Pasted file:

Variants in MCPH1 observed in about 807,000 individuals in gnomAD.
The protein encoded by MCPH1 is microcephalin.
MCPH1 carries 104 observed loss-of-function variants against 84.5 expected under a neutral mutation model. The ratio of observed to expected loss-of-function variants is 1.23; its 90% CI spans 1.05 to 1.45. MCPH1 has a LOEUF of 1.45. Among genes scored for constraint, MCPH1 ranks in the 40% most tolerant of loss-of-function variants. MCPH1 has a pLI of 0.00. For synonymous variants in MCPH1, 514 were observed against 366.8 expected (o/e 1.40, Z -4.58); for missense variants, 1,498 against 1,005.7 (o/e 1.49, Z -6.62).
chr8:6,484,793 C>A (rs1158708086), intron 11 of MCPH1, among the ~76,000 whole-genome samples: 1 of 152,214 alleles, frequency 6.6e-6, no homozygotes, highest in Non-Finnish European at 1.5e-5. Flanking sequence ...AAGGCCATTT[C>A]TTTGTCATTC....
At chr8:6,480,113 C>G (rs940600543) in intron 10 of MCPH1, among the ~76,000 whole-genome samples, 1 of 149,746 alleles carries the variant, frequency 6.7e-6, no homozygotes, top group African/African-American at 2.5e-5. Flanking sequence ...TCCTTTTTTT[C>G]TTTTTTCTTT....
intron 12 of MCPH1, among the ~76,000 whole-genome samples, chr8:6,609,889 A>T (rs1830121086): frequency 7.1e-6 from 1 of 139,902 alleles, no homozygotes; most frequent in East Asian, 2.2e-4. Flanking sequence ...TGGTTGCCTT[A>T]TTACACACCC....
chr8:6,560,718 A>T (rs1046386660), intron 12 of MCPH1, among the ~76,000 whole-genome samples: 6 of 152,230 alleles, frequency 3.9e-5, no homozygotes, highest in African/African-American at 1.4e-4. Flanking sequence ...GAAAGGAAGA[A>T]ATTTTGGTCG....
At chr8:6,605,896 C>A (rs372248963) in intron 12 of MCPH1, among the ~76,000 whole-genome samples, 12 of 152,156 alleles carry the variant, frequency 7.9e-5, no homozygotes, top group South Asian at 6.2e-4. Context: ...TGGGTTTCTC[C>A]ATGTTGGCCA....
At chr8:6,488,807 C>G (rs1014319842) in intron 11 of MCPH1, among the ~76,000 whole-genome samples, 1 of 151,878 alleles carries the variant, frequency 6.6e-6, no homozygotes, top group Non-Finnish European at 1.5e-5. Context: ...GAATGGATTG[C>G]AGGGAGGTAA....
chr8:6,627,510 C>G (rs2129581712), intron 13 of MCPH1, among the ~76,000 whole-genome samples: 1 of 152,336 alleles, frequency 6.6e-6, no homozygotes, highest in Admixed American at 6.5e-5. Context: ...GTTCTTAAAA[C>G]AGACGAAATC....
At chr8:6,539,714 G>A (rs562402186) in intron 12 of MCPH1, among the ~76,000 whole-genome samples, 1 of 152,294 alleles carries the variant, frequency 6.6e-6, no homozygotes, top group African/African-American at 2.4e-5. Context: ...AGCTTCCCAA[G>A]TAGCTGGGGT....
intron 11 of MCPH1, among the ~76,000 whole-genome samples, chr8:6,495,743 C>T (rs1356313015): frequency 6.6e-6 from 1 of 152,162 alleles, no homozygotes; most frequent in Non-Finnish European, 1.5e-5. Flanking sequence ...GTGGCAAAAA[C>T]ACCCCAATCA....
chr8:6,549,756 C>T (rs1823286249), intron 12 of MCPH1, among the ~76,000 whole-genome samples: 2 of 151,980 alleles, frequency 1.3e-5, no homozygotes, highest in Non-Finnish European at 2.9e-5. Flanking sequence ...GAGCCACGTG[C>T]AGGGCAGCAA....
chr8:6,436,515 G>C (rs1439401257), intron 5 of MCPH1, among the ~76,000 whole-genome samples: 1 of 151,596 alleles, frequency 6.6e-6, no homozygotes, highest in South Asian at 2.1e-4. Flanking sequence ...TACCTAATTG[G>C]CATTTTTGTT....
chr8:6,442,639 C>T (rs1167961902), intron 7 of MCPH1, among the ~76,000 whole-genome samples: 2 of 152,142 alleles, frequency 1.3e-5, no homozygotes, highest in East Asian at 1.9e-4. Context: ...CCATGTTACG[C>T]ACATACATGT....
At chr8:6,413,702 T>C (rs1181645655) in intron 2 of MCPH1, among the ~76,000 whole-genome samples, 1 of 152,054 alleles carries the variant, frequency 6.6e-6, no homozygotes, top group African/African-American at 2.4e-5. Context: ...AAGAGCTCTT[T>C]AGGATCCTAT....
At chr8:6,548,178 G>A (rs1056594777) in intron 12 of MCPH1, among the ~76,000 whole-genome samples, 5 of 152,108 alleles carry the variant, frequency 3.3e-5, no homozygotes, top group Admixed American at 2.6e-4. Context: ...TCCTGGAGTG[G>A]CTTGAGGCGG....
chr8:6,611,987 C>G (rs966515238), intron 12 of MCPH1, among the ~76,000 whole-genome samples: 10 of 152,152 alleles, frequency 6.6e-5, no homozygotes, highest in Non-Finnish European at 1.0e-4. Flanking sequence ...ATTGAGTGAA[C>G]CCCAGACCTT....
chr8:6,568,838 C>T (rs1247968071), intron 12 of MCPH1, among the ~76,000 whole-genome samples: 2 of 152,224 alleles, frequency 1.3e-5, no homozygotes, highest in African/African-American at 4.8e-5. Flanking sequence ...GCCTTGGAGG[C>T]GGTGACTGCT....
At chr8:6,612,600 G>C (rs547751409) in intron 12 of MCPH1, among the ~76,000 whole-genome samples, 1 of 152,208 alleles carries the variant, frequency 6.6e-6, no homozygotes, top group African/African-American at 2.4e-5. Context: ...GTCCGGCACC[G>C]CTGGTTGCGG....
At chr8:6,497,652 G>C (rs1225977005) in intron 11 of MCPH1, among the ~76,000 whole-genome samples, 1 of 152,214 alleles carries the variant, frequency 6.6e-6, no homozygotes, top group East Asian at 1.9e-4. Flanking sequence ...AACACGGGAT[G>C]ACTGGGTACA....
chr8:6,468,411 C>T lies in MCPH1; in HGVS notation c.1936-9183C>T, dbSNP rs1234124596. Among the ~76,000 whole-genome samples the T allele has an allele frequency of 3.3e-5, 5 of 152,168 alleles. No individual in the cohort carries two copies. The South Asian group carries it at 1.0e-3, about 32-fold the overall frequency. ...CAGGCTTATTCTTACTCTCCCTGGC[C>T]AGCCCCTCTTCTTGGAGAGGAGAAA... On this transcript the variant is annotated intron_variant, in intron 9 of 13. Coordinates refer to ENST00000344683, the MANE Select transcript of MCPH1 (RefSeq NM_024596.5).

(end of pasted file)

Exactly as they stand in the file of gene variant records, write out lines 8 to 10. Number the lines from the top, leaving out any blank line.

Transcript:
At chr8:6,605,896 C>A (rs372248963) in intron 12 of MCPH1, among the ~76,000 whole-genome samples, 12 of 152,156 alleles carry the variant, frequency 7.9e-5, no homozygotes, top group South Asian at 6.2e-4. Context: ...TGGGTTTCTC[C>A]ATGTTGGCCA....
At chr8:6,488,807 C>G (rs1014319842) in intron 11 of MCPH1, among the ~76,000 whole-genome samples, 1 of 151,878 alleles carries the variant, frequency 6.6e-6, no homozygotes, top group Non-Finnish European at 1.5e-5. Context: ...GAATGGATTG[C>G]AGGGAGGTAA....
chr8:6,627,510 C>G (rs2129581712), intron 13 of MCPH1, among the ~76,000 whole-genome samples: 1 of 152,336 alleles, frequency 6.6e-6, no homozygotes, highest in Admixed American at 6.5e-5. Context: ...GTTCTTAAAA[C>G]AGACGAAATC....